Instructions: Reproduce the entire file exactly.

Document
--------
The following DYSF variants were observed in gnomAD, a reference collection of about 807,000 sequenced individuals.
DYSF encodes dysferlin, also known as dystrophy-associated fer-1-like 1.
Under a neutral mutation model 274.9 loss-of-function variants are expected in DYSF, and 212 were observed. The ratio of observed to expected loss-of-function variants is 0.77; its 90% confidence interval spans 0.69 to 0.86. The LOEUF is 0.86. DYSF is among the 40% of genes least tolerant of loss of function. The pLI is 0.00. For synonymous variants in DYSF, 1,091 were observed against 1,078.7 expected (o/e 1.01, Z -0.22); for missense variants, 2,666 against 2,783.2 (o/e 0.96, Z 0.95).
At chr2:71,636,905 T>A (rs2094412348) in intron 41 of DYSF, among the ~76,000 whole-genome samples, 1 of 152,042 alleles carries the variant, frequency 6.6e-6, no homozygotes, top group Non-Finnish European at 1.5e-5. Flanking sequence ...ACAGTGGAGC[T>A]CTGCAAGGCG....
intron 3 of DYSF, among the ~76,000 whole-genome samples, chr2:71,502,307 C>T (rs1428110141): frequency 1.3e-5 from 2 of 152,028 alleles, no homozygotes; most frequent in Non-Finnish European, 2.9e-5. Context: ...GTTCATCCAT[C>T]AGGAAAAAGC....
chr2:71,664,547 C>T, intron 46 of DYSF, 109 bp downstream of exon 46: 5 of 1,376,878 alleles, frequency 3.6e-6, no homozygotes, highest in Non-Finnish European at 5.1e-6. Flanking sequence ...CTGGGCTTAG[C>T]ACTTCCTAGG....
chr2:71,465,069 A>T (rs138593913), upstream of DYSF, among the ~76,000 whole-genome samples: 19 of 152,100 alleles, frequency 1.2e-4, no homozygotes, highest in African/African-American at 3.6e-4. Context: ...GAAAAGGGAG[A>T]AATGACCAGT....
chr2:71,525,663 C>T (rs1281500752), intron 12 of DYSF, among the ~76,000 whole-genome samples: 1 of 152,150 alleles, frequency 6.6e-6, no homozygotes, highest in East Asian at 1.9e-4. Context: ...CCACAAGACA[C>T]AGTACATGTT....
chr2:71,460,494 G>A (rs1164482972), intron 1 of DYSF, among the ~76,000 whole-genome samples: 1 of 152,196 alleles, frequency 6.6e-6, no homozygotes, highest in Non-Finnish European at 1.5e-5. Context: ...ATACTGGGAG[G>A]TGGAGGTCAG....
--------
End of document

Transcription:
The following DYSF variants were observed in gnomAD, a reference collection of about 807,000 sequenced individuals.
DYSF encodes dysferlin, also known as dystrophy-associated fer-1-like 1.
Under a neutral mutation model 274.9 loss-of-function variants are expected in DYSF, and 212 were observed. The ratio of observed to expected loss-of-function variants is 0.77; its 90% confidence interval spans 0.69 to 0.86. The LOEUF is 0.86. DYSF is among the 40% of genes least tolerant of loss of function. The pLI is 0.00. For synonymous variants in DYSF, 1,091 were observed against 1,078.7 expected (o/e 1.01, Z -0.22); for missense variants, 2,666 against 2,783.2 (o/e 0.96, Z 0.95).
At chr2:71,636,905 T>A (rs2094412348) in intron 41 of DYSF, among the ~76,000 whole-genome samples, 1 of 152,042 alleles carries the variant, frequency 6.6e-6, no homozygotes, top group Non-Finnish European at 1.5e-5. Flanking sequence ...ACAGTGGAGC[T>A]CTGCAAGGCG....
intron 3 of DYSF, among the ~76,000 whole-genome samples, chr2:71,502,307 C>T (rs1428110141): frequency 1.3e-5 from 2 of 152,028 alleles, no homozygotes; most frequent in Non-Finnish European, 2.9e-5. Context: ...GTTCATCCAT[C>T]AGGAAAAAGC....
chr2:71,664,547 C>T, intron 46 of DYSF, 109 bp downstream of exon 46: 5 of 1,376,878 alleles, frequency 3.6e-6, no homozygotes, highest in Non-Finnish European at 5.1e-6. Flanking sequence ...CTGGGCTTAG[C>T]ACTTCCTAGG....
chr2:71,465,069 A>T (rs138593913), upstream of DYSF, among the ~76,000 whole-genome samples: 19 of 152,100 alleles, frequency 1.2e-4, no homozygotes, highest in African/African-American at 3.6e-4. Context: ...GAAAAGGGAG[A>T]AATGACCAGT....
chr2:71,525,663 C>T (rs1281500752), intron 12 of DYSF, among the ~76,000 whole-genome samples: 1 of 152,150 alleles, frequency 6.6e-6, no homozygotes, highest in East Asian at 1.9e-4. Context: ...CCACAAGACA[C>T]AGTACATGTT....
chr2:71,460,494 G>A (rs1164482972), intron 1 of DYSF, among the ~76,000 whole-genome samples: 1 of 152,196 alleles, frequency 6.6e-6, no homozygotes, highest in Non-Finnish European at 1.5e-5. Context: ...ATACTGGGAG[G>A]TGGAGGTCAG....